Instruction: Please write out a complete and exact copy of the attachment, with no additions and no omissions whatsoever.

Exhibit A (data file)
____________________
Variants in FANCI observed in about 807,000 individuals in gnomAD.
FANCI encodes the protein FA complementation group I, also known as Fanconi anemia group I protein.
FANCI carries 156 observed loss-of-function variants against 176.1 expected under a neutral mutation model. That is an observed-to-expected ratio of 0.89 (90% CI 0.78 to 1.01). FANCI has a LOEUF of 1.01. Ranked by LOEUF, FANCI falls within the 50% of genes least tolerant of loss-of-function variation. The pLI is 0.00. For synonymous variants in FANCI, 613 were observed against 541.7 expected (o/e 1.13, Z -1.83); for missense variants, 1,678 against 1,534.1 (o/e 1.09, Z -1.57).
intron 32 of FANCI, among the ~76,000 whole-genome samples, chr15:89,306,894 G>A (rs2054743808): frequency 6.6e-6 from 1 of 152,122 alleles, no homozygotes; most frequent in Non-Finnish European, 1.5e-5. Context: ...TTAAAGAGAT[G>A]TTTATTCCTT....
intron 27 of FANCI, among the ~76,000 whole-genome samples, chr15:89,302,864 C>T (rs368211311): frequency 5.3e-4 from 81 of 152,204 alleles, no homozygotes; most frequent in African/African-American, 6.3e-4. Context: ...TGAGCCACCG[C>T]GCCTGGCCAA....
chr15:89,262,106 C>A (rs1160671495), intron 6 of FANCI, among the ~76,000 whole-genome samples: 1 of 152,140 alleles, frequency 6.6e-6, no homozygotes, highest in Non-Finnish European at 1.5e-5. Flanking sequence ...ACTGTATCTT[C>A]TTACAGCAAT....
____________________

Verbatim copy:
Variants in FANCI observed in about 807,000 individuals in gnomAD.
FANCI encodes the protein FA complementation group I, also known as Fanconi anemia group I protein.
FANCI carries 156 observed loss-of-function variants against 176.1 expected under a neutral mutation model. That is an observed-to-expected ratio of 0.89 (90% CI 0.78 to 1.01). FANCI has a LOEUF of 1.01. Ranked by LOEUF, FANCI falls within the 50% of genes least tolerant of loss-of-function variation. The pLI is 0.00. For synonymous variants in FANCI, 613 were observed against 541.7 expected (o/e 1.13, Z -1.83); for missense variants, 1,678 against 1,534.1 (o/e 1.09, Z -1.57).
intron 32 of FANCI, among the ~76,000 whole-genome samples, chr15:89,306,894 G>A (rs2054743808): frequency 6.6e-6 from 1 of 152,122 alleles, no homozygotes; most frequent in Non-Finnish European, 1.5e-5. Context: ...TTAAAGAGAT[G>A]TTTATTCCTT....
intron 27 of FANCI, among the ~76,000 whole-genome samples, chr15:89,302,864 C>T (rs368211311): frequency 5.3e-4 from 81 of 152,204 alleles, no homozygotes; most frequent in African/African-American, 6.3e-4. Context: ...TGAGCCACCG[C>T]GCCTGGCCAA....
chr15:89,262,106 C>A (rs1160671495), intron 6 of FANCI, among the ~76,000 whole-genome samples: 1 of 152,140 alleles, frequency 6.6e-6, no homozygotes, highest in Non-Finnish European at 1.5e-5. Flanking sequence ...ACTGTATCTT[C>A]TTACAGCAAT....